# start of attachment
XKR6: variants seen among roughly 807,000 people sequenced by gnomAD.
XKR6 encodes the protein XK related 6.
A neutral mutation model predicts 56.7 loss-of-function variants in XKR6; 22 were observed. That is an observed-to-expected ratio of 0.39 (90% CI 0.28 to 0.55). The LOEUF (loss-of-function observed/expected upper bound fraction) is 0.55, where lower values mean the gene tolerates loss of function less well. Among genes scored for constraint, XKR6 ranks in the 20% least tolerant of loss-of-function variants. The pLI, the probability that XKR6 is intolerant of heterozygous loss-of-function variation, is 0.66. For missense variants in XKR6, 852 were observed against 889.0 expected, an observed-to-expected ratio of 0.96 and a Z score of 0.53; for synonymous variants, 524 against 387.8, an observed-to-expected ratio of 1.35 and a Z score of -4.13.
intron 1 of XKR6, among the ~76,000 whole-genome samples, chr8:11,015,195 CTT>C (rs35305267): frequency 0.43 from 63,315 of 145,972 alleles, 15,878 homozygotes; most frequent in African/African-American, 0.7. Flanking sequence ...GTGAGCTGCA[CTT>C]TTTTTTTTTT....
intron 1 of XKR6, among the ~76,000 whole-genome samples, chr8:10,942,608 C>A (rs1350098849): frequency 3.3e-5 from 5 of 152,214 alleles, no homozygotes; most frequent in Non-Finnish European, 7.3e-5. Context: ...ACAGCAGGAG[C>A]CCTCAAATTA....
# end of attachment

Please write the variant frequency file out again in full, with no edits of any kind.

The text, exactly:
XKR6: variants seen among roughly 807,000 people sequenced by gnomAD.
XKR6 encodes the protein XK related 6.
A neutral mutation model predicts 56.7 loss-of-function variants in XKR6; 22 were observed. That is an observed-to-expected ratio of 0.39 (90% CI 0.28 to 0.55). The LOEUF (loss-of-function observed/expected upper bound fraction) is 0.55, where lower values mean the gene tolerates loss of function less well. Among genes scored for constraint, XKR6 ranks in the 20% least tolerant of loss-of-function variants. The pLI, the probability that XKR6 is intolerant of heterozygous loss-of-function variation, is 0.66. For missense variants in XKR6, 852 were observed against 889.0 expected, an observed-to-expected ratio of 0.96 and a Z score of 0.53; for synonymous variants, 524 against 387.8, an observed-to-expected ratio of 1.35 and a Z score of -4.13.
intron 1 of XKR6, among the ~76,000 whole-genome samples, chr8:11,015,195 CTT>C (rs35305267): frequency 0.43 from 63,315 of 145,972 alleles, 15,878 homozygotes; most frequent in African/African-American, 0.7. Flanking sequence ...GTGAGCTGCA[CTT>C]TTTTTTTTTT....
intron 1 of XKR6, among the ~76,000 whole-genome samples, chr8:10,942,608 C>A (rs1350098849): frequency 3.3e-5 from 5 of 152,214 alleles, no homozygotes; most frequent in Non-Finnish European, 7.3e-5. Context: ...ACAGCAGGAG[C>A]CCTCAAATTA....